Getting data in a text-like format is an entry pass to a whole world of weird tools to manage and process it, from the command-line no less
Here are some popular tools, starting with classics and moving on to workalikes.
sed and awk (work in practice but I spend half my time fighting with the syntax, and these days I simply get a language model to write the scripts for me
Angle-grinder allows you to parse, aggregate, sum, average, min/max, percentile, and sort your data. You can see it, live-updating, in your terminal. Angle grinder is designed for when, for whatever reason, you don't have your data in graphite/honeycomb/kibana/sumologic/splunk/etc. but still want to be able to do sophisticated analytics.
VisiData is an interactive multitool for tabular data. It combines the clarity of a spreadsheet, the efficiency of the terminal, and the power of Python, into a lightweight utility which can handle millions of rows with ease.
Support stupendous numbers of formats, including various databases.
jq allows one to parse json instead of TSV. It claims to be “like sed for JSON data — you can use it to slice and filter and map and transform structured data with the same ease that sed, awk, grep and friends let you play with text.”
xidel and other HTML parsers
- xidel: Xidel is a command line tool to download and extract data from HTML/XML pages using CSS selectors, XPath/XQuery 3.0, as well as querying JSON files or APIs (e.g. REST) using JSONiq.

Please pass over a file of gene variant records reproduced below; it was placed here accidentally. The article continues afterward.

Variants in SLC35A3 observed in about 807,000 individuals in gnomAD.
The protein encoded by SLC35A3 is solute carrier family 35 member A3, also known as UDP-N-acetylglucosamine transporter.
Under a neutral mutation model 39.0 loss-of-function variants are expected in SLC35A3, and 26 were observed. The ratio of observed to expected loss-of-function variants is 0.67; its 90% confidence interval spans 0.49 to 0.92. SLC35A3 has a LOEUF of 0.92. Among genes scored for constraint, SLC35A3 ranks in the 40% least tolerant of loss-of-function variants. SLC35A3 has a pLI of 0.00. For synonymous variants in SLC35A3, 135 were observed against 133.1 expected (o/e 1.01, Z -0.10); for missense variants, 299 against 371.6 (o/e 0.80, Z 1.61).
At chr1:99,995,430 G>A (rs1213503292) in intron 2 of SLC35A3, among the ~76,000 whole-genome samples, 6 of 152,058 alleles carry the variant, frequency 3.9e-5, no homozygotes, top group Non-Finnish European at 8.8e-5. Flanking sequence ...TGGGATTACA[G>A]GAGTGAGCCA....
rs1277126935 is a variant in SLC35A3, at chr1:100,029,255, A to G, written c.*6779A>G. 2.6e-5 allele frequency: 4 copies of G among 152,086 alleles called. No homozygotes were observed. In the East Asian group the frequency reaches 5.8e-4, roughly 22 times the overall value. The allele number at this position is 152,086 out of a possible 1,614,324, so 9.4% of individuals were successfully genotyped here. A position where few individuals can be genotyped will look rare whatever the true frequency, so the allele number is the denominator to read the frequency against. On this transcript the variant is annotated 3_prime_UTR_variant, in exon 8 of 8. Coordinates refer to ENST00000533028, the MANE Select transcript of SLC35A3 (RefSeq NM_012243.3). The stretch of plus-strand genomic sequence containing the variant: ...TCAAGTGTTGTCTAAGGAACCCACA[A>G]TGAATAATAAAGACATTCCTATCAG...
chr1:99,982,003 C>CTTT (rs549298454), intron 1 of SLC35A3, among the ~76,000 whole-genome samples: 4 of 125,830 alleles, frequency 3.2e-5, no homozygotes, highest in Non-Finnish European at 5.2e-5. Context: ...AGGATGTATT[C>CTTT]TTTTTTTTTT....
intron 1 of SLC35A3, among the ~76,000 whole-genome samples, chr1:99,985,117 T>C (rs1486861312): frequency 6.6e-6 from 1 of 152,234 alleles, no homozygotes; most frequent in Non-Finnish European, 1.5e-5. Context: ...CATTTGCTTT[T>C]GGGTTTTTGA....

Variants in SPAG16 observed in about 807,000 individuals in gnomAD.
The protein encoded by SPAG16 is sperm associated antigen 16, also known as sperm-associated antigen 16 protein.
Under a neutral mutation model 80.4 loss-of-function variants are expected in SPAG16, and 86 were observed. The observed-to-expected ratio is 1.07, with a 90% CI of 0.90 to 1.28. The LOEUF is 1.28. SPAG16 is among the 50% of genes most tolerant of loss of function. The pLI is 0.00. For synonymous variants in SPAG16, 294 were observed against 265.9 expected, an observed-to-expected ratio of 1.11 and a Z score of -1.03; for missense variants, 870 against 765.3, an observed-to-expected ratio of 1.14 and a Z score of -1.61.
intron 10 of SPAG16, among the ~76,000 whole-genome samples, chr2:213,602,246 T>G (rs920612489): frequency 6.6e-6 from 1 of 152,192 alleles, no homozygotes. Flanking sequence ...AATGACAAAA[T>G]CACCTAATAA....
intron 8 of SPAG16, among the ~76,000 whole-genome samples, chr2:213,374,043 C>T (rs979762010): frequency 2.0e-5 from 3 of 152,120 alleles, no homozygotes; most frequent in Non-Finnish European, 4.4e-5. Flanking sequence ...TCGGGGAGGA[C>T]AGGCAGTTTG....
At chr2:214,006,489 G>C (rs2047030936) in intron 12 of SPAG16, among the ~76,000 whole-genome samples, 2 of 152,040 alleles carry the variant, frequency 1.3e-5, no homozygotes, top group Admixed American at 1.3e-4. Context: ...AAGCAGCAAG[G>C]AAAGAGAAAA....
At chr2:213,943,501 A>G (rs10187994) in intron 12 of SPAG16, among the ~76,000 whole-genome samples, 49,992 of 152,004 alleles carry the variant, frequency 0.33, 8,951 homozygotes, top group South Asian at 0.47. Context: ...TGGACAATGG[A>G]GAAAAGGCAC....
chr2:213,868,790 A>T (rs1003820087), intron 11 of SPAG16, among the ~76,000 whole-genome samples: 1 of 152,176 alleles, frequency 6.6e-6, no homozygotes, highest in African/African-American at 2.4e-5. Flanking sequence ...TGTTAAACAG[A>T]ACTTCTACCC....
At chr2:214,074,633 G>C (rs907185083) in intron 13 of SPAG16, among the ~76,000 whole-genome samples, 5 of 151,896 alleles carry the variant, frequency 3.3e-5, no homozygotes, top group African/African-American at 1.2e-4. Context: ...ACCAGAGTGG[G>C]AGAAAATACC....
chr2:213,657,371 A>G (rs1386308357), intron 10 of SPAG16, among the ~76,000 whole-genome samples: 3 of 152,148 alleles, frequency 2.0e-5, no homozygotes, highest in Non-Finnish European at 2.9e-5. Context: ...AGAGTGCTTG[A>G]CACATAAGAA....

yq aspires to be “the
YAML is a superset of JSON, so I guess this gets you everything?
nushell claims to subsume most of the others into a full shell environment which is also a data-processing environment/functional programming language.
It has interesting features such as treating filesystem subolders and nested data sets in the same paradigm and support for many data types natively.
Nu draws inspiration from projects like PowerShell, functional programming languages, and modern CLI tools. Rather than thinking of files and services as raw streams of text, Nu looks at each input as something with structure. For example, when you list the contents of a directory, what you get back is a table of rows, where each row represents an item in that directory. These values can be piped through a series of steps, in a series of commands called a ‘pipeline’.
fx is another JSON processor whose remarkable features is a clickable interactive mode.
A classic unix tool for text data processing. It’s fine. Ubiquitous. But not intuitive or luxurious like a modern programming language. It does CSV well, but I would be afraid of more structured formats such as JSON.
Consider also, perhaps,
tab … a modern text processing language that’s similar to awk in spirit. (But not similar in implementation or syntax.)
- Designed for concise one-liner aggregation and manipulation of tabular text data…
- Feature-rich enough to support even very complex queries. (Also includes a good set of mathematical operations.)
- Statically typed, type-inferred, declarative.
ripgrep is a line-oriented search tool that recursively searches your current directory for a regex pattern. By default, ripgrep will respect your .gitignore and automatically skip hidden files/directories and binary files
It also can search compressed files using the
- HTTPie, a CURL-adjacentish command-line HTTP client for testing and debugging web APIs.
- dyff: diff for yaml.
- csvkit: if you spend a lot of time working with comma-separated values, accept no substitutes.
- miller, “Miller is like awk, sed, cut, join, and sort for name-indexed data such as CSV, TSV, and tabular JSON”
- Datamash: “GNU datamash is a command-line program which performs basic numeric, textual and statistical operations on input textual data files.”
- xq - Like jq, but for XML and XPath.